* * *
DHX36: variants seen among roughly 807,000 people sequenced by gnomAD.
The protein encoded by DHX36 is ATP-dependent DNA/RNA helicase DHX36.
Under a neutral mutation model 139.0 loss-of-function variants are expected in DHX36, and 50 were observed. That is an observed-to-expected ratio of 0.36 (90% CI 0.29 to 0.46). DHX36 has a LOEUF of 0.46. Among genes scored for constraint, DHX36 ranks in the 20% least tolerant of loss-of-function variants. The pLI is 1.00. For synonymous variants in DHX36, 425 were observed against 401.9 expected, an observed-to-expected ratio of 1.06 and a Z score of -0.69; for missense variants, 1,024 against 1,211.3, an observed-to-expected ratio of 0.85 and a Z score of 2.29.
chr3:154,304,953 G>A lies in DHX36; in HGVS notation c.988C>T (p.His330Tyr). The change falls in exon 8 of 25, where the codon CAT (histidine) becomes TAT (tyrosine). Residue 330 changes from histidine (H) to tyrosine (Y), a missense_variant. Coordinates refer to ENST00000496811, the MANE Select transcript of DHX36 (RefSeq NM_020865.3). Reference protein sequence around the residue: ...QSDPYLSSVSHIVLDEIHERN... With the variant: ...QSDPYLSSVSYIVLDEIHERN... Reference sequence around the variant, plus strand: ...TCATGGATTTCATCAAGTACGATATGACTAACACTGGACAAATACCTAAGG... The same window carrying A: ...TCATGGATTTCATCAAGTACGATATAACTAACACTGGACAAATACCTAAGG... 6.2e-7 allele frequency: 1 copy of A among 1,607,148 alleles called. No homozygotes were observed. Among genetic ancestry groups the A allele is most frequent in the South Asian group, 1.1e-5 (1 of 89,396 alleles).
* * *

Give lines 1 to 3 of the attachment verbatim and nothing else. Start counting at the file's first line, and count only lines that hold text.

DHX36: variants seen among roughly 807,000 people sequenced by gnomAD.
The protein encoded by DHX36 is ATP-dependent DNA/RNA helicase DHX36.
Under a neutral mutation model 139.0 loss-of-function variants are expected in DHX36, and 50 were observed. That is an observed-to-expected ratio of 0.36 (90% CI 0.29 to 0.46). DHX36 has a LOEUF of 0.46. Among genes scored for constraint, DHX36 ranks in the 20% least tolerant of loss-of-function variants. The pLI is 1.00. For synonymous variants in DHX36, 425 were observed against 401.9 expected, an observed-to-expected ratio of 1.06 and a Z score of -0.69; for missense variants, 1,024 against 1,211.3, an observed-to-expected ratio of 0.85 and a Z score of 2.29.